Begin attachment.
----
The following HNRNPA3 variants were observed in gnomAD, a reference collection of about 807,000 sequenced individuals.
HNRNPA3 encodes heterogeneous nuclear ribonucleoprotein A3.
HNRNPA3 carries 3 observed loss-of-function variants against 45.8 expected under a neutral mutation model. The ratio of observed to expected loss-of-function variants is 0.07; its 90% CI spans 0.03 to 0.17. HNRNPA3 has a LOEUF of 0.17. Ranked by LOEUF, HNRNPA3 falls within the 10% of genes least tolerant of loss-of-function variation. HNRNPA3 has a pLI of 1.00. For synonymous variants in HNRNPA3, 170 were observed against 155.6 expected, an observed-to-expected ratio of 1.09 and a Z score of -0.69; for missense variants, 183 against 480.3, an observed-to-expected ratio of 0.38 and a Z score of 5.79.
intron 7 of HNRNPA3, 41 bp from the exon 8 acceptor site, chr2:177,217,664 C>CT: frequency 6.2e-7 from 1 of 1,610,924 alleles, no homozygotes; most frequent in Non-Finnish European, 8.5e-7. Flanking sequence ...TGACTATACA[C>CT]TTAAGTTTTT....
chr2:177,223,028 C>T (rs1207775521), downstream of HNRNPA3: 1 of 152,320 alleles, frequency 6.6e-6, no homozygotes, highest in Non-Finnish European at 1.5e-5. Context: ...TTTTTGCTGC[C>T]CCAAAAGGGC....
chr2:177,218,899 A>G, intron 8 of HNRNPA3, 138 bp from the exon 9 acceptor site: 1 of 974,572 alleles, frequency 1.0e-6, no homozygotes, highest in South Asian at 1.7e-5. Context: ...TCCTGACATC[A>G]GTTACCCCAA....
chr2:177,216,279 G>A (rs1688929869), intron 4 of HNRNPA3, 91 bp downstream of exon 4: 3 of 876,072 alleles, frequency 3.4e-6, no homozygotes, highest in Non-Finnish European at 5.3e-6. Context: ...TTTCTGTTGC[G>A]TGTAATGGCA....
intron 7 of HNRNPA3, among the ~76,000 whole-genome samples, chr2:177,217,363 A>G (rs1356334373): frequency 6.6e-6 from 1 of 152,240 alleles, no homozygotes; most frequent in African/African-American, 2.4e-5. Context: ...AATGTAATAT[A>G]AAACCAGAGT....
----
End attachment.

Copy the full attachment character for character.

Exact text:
The following HNRNPA3 variants were observed in gnomAD, a reference collection of about 807,000 sequenced individuals.
HNRNPA3 encodes heterogeneous nuclear ribonucleoprotein A3.
HNRNPA3 carries 3 observed loss-of-function variants against 45.8 expected under a neutral mutation model. The ratio of observed to expected loss-of-function variants is 0.07; its 90% CI spans 0.03 to 0.17. HNRNPA3 has a LOEUF of 0.17. Ranked by LOEUF, HNRNPA3 falls within the 10% of genes least tolerant of loss-of-function variation. HNRNPA3 has a pLI of 1.00. For synonymous variants in HNRNPA3, 170 were observed against 155.6 expected, an observed-to-expected ratio of 1.09 and a Z score of -0.69; for missense variants, 183 against 480.3, an observed-to-expected ratio of 0.38 and a Z score of 5.79.
intron 7 of HNRNPA3, 41 bp from the exon 8 acceptor site, chr2:177,217,664 C>CT: frequency 6.2e-7 from 1 of 1,610,924 alleles, no homozygotes; most frequent in Non-Finnish European, 8.5e-7. Flanking sequence ...TGACTATACA[C>CT]TTAAGTTTTT....
chr2:177,223,028 C>T (rs1207775521), downstream of HNRNPA3: 1 of 152,320 alleles, frequency 6.6e-6, no homozygotes, highest in Non-Finnish European at 1.5e-5. Context: ...TTTTTGCTGC[C>T]CCAAAAGGGC....
chr2:177,218,899 A>G, intron 8 of HNRNPA3, 138 bp from the exon 9 acceptor site: 1 of 974,572 alleles, frequency 1.0e-6, no homozygotes, highest in South Asian at 1.7e-5. Context: ...TCCTGACATC[A>G]GTTACCCCAA....
chr2:177,216,279 G>A (rs1688929869), intron 4 of HNRNPA3, 91 bp downstream of exon 4: 3 of 876,072 alleles, frequency 3.4e-6, no homozygotes, highest in Non-Finnish European at 5.3e-6. Context: ...TTTCTGTTGC[G>A]TGTAATGGCA....
intron 7 of HNRNPA3, among the ~76,000 whole-genome samples, chr2:177,217,363 A>G (rs1356334373): frequency 6.6e-6 from 1 of 152,240 alleles, no homozygotes; most frequent in African/African-American, 2.4e-5. Context: ...AATGTAATAT[A>G]AAACCAGAGT....